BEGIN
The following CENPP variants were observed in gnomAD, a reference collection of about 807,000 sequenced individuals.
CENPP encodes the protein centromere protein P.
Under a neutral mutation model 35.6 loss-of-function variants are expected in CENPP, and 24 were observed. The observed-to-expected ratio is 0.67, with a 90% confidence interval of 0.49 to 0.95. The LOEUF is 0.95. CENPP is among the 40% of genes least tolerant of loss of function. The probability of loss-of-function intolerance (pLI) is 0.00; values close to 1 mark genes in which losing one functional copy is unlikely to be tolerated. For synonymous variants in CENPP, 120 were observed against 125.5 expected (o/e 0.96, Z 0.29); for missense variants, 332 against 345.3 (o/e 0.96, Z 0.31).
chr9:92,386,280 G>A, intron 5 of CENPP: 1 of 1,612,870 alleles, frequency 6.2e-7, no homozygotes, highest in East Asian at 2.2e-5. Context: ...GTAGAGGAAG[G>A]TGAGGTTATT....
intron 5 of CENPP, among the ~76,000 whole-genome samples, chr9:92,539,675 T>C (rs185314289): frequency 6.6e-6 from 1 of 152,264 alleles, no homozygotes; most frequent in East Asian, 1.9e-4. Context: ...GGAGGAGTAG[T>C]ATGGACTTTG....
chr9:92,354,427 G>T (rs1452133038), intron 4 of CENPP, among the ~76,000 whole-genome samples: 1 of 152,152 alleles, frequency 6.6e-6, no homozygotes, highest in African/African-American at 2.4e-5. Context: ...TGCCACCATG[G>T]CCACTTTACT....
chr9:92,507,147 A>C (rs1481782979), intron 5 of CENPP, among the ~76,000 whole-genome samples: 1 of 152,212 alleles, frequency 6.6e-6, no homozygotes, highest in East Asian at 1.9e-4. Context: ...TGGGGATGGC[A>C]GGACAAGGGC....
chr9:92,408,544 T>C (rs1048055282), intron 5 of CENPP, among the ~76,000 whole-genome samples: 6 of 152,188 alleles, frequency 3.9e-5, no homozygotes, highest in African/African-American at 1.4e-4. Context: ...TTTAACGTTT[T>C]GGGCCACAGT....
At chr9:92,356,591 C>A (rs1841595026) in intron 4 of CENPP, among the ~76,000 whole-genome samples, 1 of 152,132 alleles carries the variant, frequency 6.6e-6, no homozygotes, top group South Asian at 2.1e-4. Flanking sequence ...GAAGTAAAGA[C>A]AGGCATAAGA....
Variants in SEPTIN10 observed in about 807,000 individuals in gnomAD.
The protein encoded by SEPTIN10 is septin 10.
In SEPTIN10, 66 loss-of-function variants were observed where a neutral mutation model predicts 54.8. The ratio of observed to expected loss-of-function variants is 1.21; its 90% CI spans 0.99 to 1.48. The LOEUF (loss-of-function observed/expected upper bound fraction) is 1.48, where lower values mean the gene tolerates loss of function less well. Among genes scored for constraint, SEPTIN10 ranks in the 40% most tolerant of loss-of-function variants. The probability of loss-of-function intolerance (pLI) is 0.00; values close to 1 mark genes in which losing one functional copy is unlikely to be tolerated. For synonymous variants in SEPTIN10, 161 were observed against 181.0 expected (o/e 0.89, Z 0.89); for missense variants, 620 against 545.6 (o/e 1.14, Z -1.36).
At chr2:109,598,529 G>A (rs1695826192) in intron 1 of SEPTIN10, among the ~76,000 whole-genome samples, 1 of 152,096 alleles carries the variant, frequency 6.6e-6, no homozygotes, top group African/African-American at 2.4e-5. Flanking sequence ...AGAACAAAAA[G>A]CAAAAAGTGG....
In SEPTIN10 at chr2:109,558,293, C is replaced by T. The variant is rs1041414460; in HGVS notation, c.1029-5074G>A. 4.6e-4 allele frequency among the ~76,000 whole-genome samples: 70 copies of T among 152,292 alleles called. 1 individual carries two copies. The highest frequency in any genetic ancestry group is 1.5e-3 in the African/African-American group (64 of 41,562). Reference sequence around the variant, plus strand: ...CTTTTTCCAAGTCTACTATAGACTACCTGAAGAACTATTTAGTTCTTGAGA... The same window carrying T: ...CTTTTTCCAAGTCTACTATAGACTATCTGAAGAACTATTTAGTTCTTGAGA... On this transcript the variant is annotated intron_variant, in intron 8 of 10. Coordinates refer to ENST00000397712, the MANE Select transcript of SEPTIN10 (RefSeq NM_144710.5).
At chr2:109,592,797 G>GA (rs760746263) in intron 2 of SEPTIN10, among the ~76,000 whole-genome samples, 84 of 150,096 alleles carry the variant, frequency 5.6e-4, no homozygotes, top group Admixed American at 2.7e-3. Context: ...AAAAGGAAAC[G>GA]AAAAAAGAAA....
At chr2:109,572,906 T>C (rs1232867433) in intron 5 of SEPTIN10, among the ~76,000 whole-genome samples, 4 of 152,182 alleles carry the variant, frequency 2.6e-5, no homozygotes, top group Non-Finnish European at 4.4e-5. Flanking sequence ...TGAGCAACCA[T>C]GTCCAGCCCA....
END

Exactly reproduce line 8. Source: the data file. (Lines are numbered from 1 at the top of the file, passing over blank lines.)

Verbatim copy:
chr9:92,408,544 T>C (rs1048055282), intron 5 of CENPP, among the ~76,000 whole-genome samples: 6 of 152,188 alleles, frequency 3.9e-5, no homozygotes, highest in African/African-American at 1.4e-4. Context: ...TTTAACGTTT[T>C]GGGCCACAGT....